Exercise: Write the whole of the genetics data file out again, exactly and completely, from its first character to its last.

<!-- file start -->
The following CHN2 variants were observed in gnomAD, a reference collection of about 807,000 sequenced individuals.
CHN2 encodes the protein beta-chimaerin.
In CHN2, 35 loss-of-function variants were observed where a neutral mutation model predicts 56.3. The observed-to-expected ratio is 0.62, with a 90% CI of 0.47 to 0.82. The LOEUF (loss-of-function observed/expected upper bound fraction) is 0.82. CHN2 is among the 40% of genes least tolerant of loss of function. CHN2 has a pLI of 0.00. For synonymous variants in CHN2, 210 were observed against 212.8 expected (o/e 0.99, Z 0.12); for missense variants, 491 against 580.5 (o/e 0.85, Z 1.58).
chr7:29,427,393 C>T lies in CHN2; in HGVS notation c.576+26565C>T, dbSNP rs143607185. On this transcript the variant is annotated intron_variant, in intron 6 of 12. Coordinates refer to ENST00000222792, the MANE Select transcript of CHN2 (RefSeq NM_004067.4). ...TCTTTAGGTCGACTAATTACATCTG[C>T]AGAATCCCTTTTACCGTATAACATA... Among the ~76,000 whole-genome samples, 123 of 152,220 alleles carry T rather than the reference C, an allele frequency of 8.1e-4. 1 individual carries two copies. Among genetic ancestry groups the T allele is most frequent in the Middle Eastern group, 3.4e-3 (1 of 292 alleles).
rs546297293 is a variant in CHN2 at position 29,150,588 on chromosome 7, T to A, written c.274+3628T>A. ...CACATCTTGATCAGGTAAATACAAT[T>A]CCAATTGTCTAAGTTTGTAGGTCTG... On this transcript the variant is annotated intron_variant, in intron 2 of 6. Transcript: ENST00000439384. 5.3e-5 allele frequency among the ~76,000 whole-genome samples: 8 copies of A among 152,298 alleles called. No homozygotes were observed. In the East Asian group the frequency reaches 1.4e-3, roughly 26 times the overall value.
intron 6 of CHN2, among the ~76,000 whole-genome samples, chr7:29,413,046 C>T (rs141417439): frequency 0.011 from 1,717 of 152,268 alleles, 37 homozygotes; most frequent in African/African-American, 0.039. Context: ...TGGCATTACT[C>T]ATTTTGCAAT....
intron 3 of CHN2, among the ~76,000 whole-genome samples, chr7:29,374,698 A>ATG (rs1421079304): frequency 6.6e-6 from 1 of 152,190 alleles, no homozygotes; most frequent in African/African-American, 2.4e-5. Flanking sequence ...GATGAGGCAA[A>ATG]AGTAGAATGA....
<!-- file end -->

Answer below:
The following CHN2 variants were observed in gnomAD, a reference collection of about 807,000 sequenced individuals.
CHN2 encodes the protein beta-chimaerin.
In CHN2, 35 loss-of-function variants were observed where a neutral mutation model predicts 56.3. The observed-to-expected ratio is 0.62, with a 90% CI of 0.47 to 0.82. The LOEUF (loss-of-function observed/expected upper bound fraction) is 0.82. CHN2 is among the 40% of genes least tolerant of loss of function. CHN2 has a pLI of 0.00. For synonymous variants in CHN2, 210 were observed against 212.8 expected (o/e 0.99, Z 0.12); for missense variants, 491 against 580.5 (o/e 0.85, Z 1.58).
chr7:29,427,393 C>T lies in CHN2; in HGVS notation c.576+26565C>T, dbSNP rs143607185. On this transcript the variant is annotated intron_variant, in intron 6 of 12. Coordinates refer to ENST00000222792, the MANE Select transcript of CHN2 (RefSeq NM_004067.4). ...TCTTTAGGTCGACTAATTACATCTG[C>T]AGAATCCCTTTTACCGTATAACATA... Among the ~76,000 whole-genome samples, 123 of 152,220 alleles carry T rather than the reference C, an allele frequency of 8.1e-4. 1 individual carries two copies. Among genetic ancestry groups the T allele is most frequent in the Middle Eastern group, 3.4e-3 (1 of 292 alleles).
rs546297293 is a variant in CHN2 at position 29,150,588 on chromosome 7, T to A, written c.274+3628T>A. ...CACATCTTGATCAGGTAAATACAAT[T>A]CCAATTGTCTAAGTTTGTAGGTCTG... On this transcript the variant is annotated intron_variant, in intron 2 of 6. Transcript: ENST00000439384. 5.3e-5 allele frequency among the ~76,000 whole-genome samples: 8 copies of A among 152,298 alleles called. No homozygotes were observed. In the East Asian group the frequency reaches 1.4e-3, roughly 26 times the overall value.
intron 6 of CHN2, among the ~76,000 whole-genome samples, chr7:29,413,046 C>T (rs141417439): frequency 0.011 from 1,717 of 152,268 alleles, 37 homozygotes; most frequent in African/African-American, 0.039. Context: ...TGGCATTACT[C>T]ATTTTGCAAT....
intron 3 of CHN2, among the ~76,000 whole-genome samples, chr7:29,374,698 A>ATG (rs1421079304): frequency 6.6e-6 from 1 of 152,190 alleles, no homozygotes; most frequent in African/African-American, 2.4e-5. Flanking sequence ...GATGAGGCAA[A>ATG]AGTAGAATGA....